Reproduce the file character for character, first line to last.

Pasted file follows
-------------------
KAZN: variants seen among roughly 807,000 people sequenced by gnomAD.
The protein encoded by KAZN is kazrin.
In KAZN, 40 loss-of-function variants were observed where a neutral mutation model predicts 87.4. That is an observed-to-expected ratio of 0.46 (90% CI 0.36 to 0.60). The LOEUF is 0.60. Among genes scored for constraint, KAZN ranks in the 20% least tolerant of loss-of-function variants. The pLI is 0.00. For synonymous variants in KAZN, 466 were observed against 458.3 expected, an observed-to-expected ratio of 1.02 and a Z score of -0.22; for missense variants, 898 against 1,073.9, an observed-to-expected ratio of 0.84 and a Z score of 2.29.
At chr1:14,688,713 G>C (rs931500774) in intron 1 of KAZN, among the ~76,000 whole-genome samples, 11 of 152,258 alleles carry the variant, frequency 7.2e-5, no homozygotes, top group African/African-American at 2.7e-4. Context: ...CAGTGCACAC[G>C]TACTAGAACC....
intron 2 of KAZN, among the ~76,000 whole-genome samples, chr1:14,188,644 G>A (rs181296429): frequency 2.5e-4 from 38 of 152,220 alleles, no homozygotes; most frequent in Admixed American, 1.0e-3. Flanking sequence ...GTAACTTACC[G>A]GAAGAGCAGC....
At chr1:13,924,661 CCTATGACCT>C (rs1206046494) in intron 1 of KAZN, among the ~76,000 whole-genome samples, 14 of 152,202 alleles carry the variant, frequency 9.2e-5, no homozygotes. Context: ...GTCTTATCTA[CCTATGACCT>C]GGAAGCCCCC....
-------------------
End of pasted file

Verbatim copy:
KAZN: variants seen among roughly 807,000 people sequenced by gnomAD.
The protein encoded by KAZN is kazrin.
In KAZN, 40 loss-of-function variants were observed where a neutral mutation model predicts 87.4. That is an observed-to-expected ratio of 0.46 (90% CI 0.36 to 0.60). The LOEUF is 0.60. Among genes scored for constraint, KAZN ranks in the 20% least tolerant of loss-of-function variants. The pLI is 0.00. For synonymous variants in KAZN, 466 were observed against 458.3 expected, an observed-to-expected ratio of 1.02 and a Z score of -0.22; for missense variants, 898 against 1,073.9, an observed-to-expected ratio of 0.84 and a Z score of 2.29.
At chr1:14,688,713 G>C (rs931500774) in intron 1 of KAZN, among the ~76,000 whole-genome samples, 11 of 152,258 alleles carry the variant, frequency 7.2e-5, no homozygotes, top group African/African-American at 2.7e-4. Context: ...CAGTGCACAC[G>C]TACTAGAACC....
intron 2 of KAZN, among the ~76,000 whole-genome samples, chr1:14,188,644 G>A (rs181296429): frequency 2.5e-4 from 38 of 152,220 alleles, no homozygotes; most frequent in Admixed American, 1.0e-3. Flanking sequence ...GTAACTTACC[G>A]GAAGAGCAGC....
At chr1:13,924,661 CCTATGACCT>C (rs1206046494) in intron 1 of KAZN, among the ~76,000 whole-genome samples, 14 of 152,202 alleles carry the variant, frequency 9.2e-5, no homozygotes. Context: ...GTCTTATCTA[CCTATGACCT>C]GGAAGCCCCC....